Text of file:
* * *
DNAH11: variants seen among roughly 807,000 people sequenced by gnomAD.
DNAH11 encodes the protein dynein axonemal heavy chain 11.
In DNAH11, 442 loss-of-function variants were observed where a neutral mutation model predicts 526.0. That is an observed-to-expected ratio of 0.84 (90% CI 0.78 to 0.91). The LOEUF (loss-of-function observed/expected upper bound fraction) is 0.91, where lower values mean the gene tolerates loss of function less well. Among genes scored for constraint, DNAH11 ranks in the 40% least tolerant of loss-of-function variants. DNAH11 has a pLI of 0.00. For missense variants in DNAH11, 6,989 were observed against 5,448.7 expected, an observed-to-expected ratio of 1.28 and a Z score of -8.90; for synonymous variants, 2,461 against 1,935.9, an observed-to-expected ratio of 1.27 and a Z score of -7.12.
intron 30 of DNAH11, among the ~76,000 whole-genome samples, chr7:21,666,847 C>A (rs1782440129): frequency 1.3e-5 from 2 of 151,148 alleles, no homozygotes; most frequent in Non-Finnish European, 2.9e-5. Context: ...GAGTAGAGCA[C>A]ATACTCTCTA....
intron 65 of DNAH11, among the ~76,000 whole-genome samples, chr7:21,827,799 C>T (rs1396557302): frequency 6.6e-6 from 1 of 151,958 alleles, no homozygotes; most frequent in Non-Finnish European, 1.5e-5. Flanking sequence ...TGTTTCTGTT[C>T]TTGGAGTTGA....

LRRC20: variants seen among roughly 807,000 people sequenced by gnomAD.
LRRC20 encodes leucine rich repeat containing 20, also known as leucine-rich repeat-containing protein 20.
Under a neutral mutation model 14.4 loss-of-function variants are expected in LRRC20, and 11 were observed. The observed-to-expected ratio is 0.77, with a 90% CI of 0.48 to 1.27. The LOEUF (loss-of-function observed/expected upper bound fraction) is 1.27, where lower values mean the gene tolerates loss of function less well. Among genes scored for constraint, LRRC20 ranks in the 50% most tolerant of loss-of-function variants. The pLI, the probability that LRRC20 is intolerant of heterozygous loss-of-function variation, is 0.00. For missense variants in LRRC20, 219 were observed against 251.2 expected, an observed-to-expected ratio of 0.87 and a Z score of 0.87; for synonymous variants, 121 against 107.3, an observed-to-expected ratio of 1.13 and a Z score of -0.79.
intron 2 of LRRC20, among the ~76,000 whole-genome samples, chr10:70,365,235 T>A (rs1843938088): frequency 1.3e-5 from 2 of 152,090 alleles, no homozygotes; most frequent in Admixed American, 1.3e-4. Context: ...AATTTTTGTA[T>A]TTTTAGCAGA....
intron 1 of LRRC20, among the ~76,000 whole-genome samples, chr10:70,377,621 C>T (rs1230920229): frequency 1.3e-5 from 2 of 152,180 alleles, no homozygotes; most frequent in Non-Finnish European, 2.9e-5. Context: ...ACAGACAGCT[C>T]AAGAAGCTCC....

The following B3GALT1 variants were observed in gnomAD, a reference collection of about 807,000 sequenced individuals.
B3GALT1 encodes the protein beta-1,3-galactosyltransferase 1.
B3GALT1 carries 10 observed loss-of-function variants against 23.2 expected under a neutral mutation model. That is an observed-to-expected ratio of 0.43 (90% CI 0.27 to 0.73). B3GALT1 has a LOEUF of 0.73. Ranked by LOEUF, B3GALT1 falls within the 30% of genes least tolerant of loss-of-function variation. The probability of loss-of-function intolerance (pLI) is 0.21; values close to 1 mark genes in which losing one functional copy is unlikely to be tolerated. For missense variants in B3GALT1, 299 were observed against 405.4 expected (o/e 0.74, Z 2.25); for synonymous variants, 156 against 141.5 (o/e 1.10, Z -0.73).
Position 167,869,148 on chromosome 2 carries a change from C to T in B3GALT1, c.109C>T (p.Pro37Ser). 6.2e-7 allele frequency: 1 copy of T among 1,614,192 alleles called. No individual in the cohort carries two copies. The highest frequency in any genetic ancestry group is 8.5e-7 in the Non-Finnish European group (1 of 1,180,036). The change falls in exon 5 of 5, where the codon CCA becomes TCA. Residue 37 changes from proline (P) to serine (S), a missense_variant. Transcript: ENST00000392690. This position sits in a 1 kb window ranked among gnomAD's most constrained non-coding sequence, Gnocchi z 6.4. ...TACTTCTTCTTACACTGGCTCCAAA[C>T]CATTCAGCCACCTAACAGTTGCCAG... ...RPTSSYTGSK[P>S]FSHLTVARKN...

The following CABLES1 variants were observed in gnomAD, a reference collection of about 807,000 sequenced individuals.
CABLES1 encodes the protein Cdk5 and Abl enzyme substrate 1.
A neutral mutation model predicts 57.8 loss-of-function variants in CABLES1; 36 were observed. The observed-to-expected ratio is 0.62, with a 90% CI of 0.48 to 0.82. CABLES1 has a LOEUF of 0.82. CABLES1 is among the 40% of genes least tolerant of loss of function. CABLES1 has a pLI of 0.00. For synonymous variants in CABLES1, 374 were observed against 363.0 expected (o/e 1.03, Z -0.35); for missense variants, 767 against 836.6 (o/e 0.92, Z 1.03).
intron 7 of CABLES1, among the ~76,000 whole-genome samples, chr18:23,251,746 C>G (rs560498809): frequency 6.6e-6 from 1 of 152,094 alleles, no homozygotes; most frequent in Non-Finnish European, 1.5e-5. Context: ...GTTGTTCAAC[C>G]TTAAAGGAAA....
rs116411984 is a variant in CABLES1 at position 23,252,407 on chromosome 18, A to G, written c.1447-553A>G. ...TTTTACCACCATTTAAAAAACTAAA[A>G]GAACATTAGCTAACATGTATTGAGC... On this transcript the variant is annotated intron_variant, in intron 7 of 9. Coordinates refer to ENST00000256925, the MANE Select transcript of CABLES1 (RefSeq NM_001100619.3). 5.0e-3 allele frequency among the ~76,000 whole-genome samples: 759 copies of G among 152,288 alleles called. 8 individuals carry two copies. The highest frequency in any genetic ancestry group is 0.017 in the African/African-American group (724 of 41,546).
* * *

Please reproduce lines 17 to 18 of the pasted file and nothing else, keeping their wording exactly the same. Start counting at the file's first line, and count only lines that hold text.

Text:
A neutral mutation model predicts 57.8 loss-of-function variants in CABLES1; 36 were observed. The observed-to-expected ratio is 0.62, with a 90% CI of 0.48 to 0.82. CABLES1 has a LOEUF of 0.82. CABLES1 is among the 40% of genes least tolerant of loss of function. CABLES1 has a pLI of 0.00. For synonymous variants in CABLES1, 374 were observed against 363.0 expected (o/e 1.03, Z -0.35); for missense variants, 767 against 836.6 (o/e 0.92, Z 1.03).
intron 7 of CABLES1, among the ~76,000 whole-genome samples, chr18:23,251,746 C>G (rs560498809): frequency 6.6e-6 from 1 of 152,094 alleles, no homozygotes; most frequent in Non-Finnish European, 1.5e-5. Context: ...GTTGTTCAAC[C>G]TTAAAGGAAA....